Chinese, US militaries practice disaster relief
Updated: 2013-11-16 16:14
Chinese medics check the condition of a US soldier in a joint disaster-relief drill on Thursday at Bellows Air Force Station on the island of Oahu in Hawaii. [Photo by Yu Wei/China Daily]
Imagine an earthquake following a hurricane that has just crashed ashore, shoving a 6-meter-high wall of water inland. Communities have been leveled by both storm and tremor. Buried in the debris, people are crying for help. Chaos reigns, and survivors of all ages are suffering.
To the rescue comes a new cavalry - a mixture of Chinese and US soldiers working together to relieve the victims.
In Hawaii on Thursday, international media witnessed the conclusion of joint exercises, in which Chinese and US military personnel demonstrated how they could cooperate for disaster relief.
The drills began on Tuesday at Bellows Air Force Station on the island of Oahu.
"It is not difficult for me to communicate with our US partners as I have learned English for years and was part of the (UN) peacekeeping mission in Lebanon," Yin Chunhong, a colonel from Kunming General Hospital of Chengdu Military Area Command, told China Daily.
She is among 48 Chinese officers and soldiers from different departments who were chosen to participate in the drill.
"Through face-to-face communication and field drills, soldiers from both countries enhanced mutual trust and now have a better understanding about each other's disaster relief approaches," said Liu Yongwei, a Chinese sergeant.
It was the ninth disaster-relief exchange between China and the United States. Last year's exercise took place in the Chengdu Military Area Command.
Gary Hara, deputy commander of the Army National Guard at US Army Pacific, said the drill is a "historic moment". He said he is very happy that the US military has the opportunity to communicate with Chinese officers and soldiers.
"Right now, the focus remains on humanitarian assistance and disaster relief," he said. "We would like to keep this type of environment and make it more complex in the future. American soldiers learned a lot from the Chinese side."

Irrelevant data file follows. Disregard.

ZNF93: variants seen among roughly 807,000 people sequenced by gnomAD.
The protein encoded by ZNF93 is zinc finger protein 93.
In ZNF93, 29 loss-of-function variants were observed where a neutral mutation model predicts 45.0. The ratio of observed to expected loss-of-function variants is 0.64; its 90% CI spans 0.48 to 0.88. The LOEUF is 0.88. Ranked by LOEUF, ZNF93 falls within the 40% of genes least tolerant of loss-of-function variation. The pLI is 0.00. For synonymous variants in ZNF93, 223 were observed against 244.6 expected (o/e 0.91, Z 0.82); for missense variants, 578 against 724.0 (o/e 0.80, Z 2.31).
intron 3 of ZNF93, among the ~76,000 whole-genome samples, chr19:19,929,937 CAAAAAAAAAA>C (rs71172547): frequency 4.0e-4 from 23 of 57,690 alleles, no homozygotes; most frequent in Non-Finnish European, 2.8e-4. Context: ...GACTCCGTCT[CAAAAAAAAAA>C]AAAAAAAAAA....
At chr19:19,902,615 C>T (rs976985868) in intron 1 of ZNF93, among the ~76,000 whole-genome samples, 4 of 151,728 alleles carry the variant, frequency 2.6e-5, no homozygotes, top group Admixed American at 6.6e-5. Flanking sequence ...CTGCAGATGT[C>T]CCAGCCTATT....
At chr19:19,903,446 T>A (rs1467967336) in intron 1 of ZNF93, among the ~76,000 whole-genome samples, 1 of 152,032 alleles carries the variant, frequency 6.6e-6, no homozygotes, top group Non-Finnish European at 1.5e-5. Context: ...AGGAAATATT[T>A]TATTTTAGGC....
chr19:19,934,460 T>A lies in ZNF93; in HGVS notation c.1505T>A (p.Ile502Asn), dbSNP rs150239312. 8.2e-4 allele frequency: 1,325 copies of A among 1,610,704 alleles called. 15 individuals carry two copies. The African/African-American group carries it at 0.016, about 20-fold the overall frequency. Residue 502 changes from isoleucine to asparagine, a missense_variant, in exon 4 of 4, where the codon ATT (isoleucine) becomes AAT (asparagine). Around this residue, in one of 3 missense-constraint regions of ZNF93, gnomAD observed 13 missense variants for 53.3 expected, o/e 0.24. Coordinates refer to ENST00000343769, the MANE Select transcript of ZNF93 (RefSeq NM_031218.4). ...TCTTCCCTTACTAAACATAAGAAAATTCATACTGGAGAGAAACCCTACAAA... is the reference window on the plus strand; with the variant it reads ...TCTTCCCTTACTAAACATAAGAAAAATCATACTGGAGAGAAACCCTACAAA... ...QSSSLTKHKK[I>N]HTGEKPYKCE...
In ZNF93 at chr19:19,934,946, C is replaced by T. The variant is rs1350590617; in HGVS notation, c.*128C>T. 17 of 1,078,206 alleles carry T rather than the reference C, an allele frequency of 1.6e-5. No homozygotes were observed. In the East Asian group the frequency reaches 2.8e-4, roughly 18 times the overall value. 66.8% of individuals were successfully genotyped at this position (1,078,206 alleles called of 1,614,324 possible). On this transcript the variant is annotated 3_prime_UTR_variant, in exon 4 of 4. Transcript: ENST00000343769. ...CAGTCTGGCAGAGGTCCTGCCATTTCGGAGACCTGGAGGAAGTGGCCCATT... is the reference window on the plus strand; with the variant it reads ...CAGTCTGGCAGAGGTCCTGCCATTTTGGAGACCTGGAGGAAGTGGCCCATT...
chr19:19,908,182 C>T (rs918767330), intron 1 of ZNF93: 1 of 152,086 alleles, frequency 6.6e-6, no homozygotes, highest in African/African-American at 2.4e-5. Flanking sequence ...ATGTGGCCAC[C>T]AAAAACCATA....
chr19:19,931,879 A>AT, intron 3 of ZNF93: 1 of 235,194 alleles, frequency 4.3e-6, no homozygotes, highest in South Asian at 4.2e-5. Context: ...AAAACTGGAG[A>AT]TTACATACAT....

"Initially, the PLA (People's Liberation Army) did one event and the US did another," Hara said. "And now you can see us working side by side on the same event. That is the real progress we made here."
Zhao Kaizeng, deputy political commissar of the Chengdu Military Area Command, echoed Hara: "This time, the two armies trained together and learned from each other. They got a better understanding of each other, and the relationship between the two sides has been enhanced."
"Officers and soldiers from both sides showed the public their professionalism and excellent skills. I'm very proud of that," Zhao said.
Earlier this year, during a summit with US President Barack Obama in Sunnyvale, California, President Xi Jinping said the two sides should strengthen military-to-military relationships and promote a new model.
Thursday's drill was a milestone: It was the first time that the Chinese military took part in a joint drill on US territory.
The exercises showcased disaster-relief equipment as well as professional skills in the field. A follow-up academic exchange between officers of the two sides will take place in Washington and New York.
The US sent 47 people to the Hawaii drill, with participants selected from US Army Pacific, the Hawaii Army National Guard, the Army Corps of Engineers and the Federal Emergency Management Agency.
The exchanges sprang from an agreement between China and the US in 1997.
"This kind of cooperation on a non-sensitive issue could help the US and China establish a stronger friendship," Denny Roy, a senior fellow at the East-West Center, told China Daily.
It could make it easier for the two countries to develop habits of cooperation and perhaps even solve some difficult problems in the future, he said.
"In any case the joint exercise has value beyond merely sharing technical expertise," he said.
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